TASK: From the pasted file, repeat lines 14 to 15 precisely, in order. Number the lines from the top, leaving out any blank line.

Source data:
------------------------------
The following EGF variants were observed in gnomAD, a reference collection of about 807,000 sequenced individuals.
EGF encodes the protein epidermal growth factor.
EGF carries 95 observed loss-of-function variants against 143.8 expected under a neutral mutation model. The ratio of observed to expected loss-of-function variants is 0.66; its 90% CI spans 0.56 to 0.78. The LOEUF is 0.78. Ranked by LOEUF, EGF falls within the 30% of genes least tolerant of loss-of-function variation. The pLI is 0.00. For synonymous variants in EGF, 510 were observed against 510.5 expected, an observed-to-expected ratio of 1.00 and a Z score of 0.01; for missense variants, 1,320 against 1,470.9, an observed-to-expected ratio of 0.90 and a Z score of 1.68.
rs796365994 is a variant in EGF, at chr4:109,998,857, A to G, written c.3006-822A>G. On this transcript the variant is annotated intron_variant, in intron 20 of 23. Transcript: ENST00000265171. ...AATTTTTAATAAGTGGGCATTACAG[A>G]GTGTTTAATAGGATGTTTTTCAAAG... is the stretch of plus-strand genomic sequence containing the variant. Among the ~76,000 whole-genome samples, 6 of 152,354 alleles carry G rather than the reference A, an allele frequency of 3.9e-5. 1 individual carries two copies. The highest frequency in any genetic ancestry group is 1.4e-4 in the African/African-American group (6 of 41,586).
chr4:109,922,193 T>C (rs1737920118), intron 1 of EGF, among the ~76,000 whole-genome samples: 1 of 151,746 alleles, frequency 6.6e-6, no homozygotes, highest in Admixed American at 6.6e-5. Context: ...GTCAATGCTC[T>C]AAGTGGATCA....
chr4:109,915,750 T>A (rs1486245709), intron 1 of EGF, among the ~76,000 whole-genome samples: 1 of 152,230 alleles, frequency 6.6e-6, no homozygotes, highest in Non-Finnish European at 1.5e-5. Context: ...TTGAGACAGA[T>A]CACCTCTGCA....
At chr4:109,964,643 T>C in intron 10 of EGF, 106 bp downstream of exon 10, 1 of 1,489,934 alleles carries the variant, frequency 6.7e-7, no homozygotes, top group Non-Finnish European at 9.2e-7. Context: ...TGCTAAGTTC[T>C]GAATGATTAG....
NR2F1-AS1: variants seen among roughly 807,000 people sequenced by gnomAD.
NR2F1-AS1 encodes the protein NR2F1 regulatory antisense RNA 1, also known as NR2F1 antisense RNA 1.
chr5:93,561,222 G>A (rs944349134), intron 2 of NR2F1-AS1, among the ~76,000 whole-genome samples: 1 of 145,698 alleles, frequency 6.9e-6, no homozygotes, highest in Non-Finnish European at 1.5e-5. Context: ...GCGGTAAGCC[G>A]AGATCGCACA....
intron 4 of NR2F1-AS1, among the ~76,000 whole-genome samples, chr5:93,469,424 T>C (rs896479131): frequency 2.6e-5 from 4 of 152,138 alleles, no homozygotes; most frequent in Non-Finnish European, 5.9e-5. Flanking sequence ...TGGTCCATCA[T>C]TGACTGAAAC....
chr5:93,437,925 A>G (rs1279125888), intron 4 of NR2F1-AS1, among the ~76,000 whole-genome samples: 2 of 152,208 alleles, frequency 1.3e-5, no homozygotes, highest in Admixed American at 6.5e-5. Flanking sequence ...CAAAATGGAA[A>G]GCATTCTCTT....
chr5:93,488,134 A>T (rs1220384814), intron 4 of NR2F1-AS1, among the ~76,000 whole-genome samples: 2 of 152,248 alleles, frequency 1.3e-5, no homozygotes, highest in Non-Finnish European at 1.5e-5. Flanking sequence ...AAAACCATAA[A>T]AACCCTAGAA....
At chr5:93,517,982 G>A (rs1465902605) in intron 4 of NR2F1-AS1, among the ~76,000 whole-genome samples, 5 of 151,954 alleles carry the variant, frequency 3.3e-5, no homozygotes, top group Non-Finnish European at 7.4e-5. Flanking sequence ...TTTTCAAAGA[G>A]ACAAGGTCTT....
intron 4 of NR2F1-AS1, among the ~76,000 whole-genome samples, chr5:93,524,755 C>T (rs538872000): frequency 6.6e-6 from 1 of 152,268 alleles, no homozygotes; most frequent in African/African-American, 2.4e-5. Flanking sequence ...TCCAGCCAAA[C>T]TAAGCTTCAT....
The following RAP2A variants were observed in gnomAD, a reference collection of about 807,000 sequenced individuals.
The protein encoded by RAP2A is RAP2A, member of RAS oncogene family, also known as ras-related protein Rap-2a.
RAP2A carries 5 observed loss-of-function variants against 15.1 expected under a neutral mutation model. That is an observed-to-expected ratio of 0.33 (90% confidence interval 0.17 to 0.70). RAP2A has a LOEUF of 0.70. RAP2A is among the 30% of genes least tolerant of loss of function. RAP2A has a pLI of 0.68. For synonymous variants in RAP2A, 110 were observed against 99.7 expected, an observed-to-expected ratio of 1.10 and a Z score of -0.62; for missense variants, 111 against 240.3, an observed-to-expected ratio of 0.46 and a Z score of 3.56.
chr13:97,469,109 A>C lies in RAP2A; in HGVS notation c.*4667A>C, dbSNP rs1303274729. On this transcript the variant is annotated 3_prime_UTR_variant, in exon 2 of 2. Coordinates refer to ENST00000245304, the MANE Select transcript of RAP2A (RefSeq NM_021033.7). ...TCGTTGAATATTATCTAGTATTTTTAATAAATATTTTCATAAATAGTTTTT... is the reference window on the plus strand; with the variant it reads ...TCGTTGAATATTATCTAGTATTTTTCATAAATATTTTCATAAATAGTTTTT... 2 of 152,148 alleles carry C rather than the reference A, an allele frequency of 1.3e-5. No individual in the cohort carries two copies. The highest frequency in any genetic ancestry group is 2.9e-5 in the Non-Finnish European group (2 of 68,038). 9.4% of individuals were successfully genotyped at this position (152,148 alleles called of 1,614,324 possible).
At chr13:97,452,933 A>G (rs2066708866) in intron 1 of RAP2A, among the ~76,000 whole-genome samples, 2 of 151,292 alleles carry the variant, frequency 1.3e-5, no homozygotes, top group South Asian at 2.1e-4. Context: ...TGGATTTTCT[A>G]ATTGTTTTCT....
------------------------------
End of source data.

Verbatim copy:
At chr5:93,517,982 G>A (rs1465902605) in intron 4 of NR2F1-AS1, among the ~76,000 whole-genome samples, 5 of 151,954 alleles carry the variant, frequency 3.3e-5, no homozygotes, top group Non-Finnish European at 7.4e-5. Flanking sequence ...TTTTCAAAGA[G>A]ACAAGGTCTT....
intron 4 of NR2F1-AS1, among the ~76,000 whole-genome samples, chr5:93,524,755 C>T (rs538872000): frequency 6.6e-6 from 1 of 152,268 alleles, no homozygotes; most frequent in African/African-American, 2.4e-5. Flanking sequence ...TCCAGCCAAA[C>T]TAAGCTTCAT....